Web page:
NOTE: THIS ARTICLE is a reprint from the blog of reverend Kevin Rogers of New Song Church in Windsor, Ontario and is reproduced here for your convenience. You can visit the his blog called "The Orphan Age" HERE.


As parents, grandparents, mentors, teachers, and big brother/sisters we can be the kind of shepherd/guides that Jesus said we should all pray for. What is the relational work in the Kingdom of God, that instills a sense of meaning and direction in others? Your mission if you choose to accept it, will be to help those that are harassed and helpless.


Research over many decades has shown that a secure relationship is the most important foundation of effective parenting. Children who have secure attachments tend to be happier, kinder, more socially competent, and more trusting of others, and they have better relations with parents, siblings, and friends. They do better in school, stay physically healthier, and create more fulfilling relationships as adults.[1]


Not only was Jesus the proto-shepherd archetype, but he was also the demonstration of what it means to be secure and intimate in the parent/child paradigm.


Listen to Jesus’ description of his relationship as the Son of God.



Matthew 11:

25 At that time Jesus said, “I praise you, Father, Lord of heaven and earth, because you have hidden these things from the wise and learned and revealed them to little children. 26 Yes, Father, for this is what you were pleased to do.

27 “All things have been committed to me by my Father. No one knows the Son except the Father, and no one knows the Father except the Son and those to whom the Son chooses to reveal him.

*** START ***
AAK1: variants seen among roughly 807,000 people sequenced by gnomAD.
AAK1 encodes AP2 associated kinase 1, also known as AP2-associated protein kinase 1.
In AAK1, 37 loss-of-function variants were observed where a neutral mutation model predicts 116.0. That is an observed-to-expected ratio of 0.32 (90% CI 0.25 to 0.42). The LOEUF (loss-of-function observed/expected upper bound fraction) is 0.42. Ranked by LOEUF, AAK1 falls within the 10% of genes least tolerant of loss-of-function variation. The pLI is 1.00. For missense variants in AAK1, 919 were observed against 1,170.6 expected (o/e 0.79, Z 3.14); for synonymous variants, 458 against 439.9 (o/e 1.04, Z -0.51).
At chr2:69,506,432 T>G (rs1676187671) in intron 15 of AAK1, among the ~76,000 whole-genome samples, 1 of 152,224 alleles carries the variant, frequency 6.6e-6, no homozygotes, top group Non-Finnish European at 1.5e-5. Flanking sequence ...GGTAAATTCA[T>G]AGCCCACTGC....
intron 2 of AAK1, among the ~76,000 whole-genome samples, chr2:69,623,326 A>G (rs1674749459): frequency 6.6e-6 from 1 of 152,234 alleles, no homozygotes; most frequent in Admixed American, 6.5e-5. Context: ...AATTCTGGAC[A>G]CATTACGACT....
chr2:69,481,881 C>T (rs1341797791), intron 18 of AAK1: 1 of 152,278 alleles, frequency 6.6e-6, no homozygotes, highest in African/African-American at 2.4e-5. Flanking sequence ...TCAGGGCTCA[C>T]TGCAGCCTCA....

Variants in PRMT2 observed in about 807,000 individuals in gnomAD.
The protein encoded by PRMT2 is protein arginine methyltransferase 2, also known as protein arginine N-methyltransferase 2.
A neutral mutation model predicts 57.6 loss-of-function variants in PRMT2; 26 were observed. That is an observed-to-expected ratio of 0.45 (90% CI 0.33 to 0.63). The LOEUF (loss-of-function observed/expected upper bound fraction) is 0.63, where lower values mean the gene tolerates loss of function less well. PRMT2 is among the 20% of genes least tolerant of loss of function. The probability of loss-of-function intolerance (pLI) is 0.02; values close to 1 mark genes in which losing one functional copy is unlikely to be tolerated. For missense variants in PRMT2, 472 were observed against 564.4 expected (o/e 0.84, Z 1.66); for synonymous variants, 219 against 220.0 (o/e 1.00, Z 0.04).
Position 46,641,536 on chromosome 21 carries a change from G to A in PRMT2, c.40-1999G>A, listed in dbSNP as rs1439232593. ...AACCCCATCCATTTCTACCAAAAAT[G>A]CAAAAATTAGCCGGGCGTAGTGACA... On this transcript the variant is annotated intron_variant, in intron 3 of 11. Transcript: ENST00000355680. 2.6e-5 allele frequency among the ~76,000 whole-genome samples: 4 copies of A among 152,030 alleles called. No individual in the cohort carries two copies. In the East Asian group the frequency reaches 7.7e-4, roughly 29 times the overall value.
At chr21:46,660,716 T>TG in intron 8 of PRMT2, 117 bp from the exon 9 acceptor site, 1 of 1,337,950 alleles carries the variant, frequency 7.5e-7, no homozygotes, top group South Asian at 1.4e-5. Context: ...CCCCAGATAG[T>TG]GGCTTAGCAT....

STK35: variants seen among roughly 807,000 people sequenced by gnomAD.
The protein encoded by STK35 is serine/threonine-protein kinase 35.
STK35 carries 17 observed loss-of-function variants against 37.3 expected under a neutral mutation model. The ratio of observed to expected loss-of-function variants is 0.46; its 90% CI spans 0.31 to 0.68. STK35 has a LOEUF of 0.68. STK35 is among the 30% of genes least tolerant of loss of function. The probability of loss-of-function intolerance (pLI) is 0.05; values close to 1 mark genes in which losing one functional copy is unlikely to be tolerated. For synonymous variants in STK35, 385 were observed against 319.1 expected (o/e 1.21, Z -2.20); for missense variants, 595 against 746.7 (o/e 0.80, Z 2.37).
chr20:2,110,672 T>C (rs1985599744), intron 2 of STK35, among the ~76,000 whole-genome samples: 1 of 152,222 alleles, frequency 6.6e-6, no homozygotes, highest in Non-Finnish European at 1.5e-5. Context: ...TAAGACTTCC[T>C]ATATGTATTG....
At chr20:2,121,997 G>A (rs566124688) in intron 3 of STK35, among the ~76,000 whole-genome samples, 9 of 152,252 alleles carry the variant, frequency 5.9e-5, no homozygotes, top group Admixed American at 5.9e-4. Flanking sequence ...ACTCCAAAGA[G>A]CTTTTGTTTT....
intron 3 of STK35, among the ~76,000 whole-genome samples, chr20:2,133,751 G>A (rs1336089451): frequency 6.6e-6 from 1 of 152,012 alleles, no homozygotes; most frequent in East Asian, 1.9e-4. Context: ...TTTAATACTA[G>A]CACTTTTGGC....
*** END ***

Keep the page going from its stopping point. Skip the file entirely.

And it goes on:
When Jesus praises the Father for hiding truth from the worldly wise and instead giving insight to children, he is of course referring to the way that his Father had taught him. The people of the world that built their life on pride and self-sufficiency would reject Jesus and his message that opposed the prevailing narrative. The Kingdom of God had to be learned out of a loving relationship with a Father. That’s what is so distinctive about Jesus and his identity. He learned things that could not be learned apart from his own familial dynamic.


In both his incarnate and eternal state as Son, Jesus and the Father know each other in an exclusive way, which in biblical language means that they enjoy an exclusive relationship. For Jesus as Son, the Father is “my Father.” They enjoy a direct, intuitive, and immediate knowledge that is grounded in their divine relationship as Father and Son. As such, what the Father and Son share stands apart from all human relationships and all human knowledge.[2]




I don't necessarily endorse all content from this site but it's always good to get different perspectives.

Related posts